Sep 5,2014 / News / Legal Brief

To what extent, if any, can employees be transferred from one employer to another in circumstances where an outsourcing arrangement is terminated with one service provider and another outsourcing arrangement for the provision of the same services is entered into with a new service provider?


Where a company, Company A, concludes an outsourcing agreement with Company B, such agreement subsequently terminates by effluxion of time and a similar outsourcing arrangement is then concluded with Company C, Company C will be responsible for taking over the employees who previously performed the services – provided it can be said that a transfer of a business as a going concern has occurred as contemplated by section 197 of the Labour Relations Act 66 of 1995, as amended (“LRA”). Factors indicating that a business would have been transferred as a going concern in such circumstances would include the fact that Company C utilises the same premises Company B utilised (and which were owned by Company A), utilises the same computer systems and other equipment and carries out the same business Company B previously performed.


In the case of TMS Group Industrial Services (Pty) Ltd t/a Vericon v Unitrans Supply Chain Solutions (Pty) Ltd and Others (JA58/2014) [2014] ZALAC 39 (6 August 2014) Nampak Glass Pty Ltd (“Nampak”) entered into an warehousing agreement with Unitrans Supply Chain Solutions (Pty) Ltd (“USC”). Nampak owned the premises and equipment utilised by USC to provide the services in terms of the agreement. The service had previously been conducted internally but was outsourced to USC. The employees engaged to provide this service were employed by Unitrans Household Goods Logistics (Pty) Ltd (“UHG”), a wholly-owned subsidiary of USC. These employees worked exclusively for Nampak. The agreement between USC and Nampak was subsequently terminated by effluxion of time.

Nampak subsequently entered into a new agreement with TMS Group Industrial Services Pty Ltd t/a Vericon (“Vericon”). TMS was now responsible for the provision of warehousing and distribution services to Nampak. A dispute subsequently arose between the parties as to whether the employees previously providing the services to Nampak had been transferred to Vericon. Vericon expressly denied that this had occurred.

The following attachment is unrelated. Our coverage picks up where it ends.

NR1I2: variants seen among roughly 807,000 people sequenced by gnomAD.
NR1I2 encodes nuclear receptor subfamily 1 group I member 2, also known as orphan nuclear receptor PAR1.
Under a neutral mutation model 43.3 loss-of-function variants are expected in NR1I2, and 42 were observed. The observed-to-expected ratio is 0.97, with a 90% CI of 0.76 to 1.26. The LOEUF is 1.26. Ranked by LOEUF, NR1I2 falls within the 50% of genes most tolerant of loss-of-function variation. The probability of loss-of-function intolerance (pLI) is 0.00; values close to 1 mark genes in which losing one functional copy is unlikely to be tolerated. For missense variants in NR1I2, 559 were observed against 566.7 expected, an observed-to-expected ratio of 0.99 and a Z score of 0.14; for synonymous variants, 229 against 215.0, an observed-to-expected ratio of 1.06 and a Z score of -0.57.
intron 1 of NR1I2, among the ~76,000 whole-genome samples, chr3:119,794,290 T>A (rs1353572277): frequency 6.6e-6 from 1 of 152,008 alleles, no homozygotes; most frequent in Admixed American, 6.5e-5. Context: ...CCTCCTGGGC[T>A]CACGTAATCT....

The court a quo, however, disagreed with Vericon, finding that there had in fact been a transfer of a business as a going concern and that the employees had transferred to Vericon by operation of law. The court a quo found that the same services were provided by Vericon that USC had performed and the same assets were also being utilised (the assets were owned by Nampak). The court found that the warehousing service provided by Vericon to Nampak constituted an economic entity, or, put another way, an organised grouping of resources. This comprised at least the contractual right to perform the services, the assets owned by Nampak (but used by the affected employees), the specific activities performed by the affected employees and the employees themselves. In other words the infrastructure used to perform the services passed from USC to Vericon. Vericon, in turn, was distressed by the decision and took the matter on appeal.

On appeal Vericon alleged, among other things, that no business had been transferred as a going concern and that it simply provided a service to Nampak. Vericon further alleged that it did not take over any of the employees previously providing the services; nor did it take over any assets goodwill or intellectual property. Rather, it had engaged entirely with its own resources in performing the services.

The court, in agreeing a quo, stressed that one needed to look at the substance rather than the form of the agreement. The court found that the warehousing operation services constituted a discrete business. Vericon had assumed the right to use Nampak’s assets and infrastructure in order to continue to provide the same service to Nampak as had previously been provided by USC. The services could only have been performed at Nampak’s production facility and Vericon was required to use the same equipment and IT Systems that USC had utilised – including forklifts, computers, printers, a computer system as well as other assets such as furniture.

A further argument that the court was required to consider was the extent to which USC and UHG should be treated as the same entity for the purposes of the proceedings. Vericon argued that the employees were employed by UHG and that the operation and functions of UHG were not dependant on the operation and functions of USC. Therefore, the affected employees should be retained within UHG. The court, in disagreeing with this approach, held that UHG was a wholly-owned subsidiary of USC, that the employees only performed services for Nampak and that USC was actually the de facto employer of the affected employees. To hold otherwise would allow for an abuse of section 197 of the LRA.


This case reiterates and reasserts the nature and scope of application of section 197 of the LRA. It is clear that should the factors discussed in this judgment be met, a transfer of a going concern can be said to occur in outsourcing arrangements.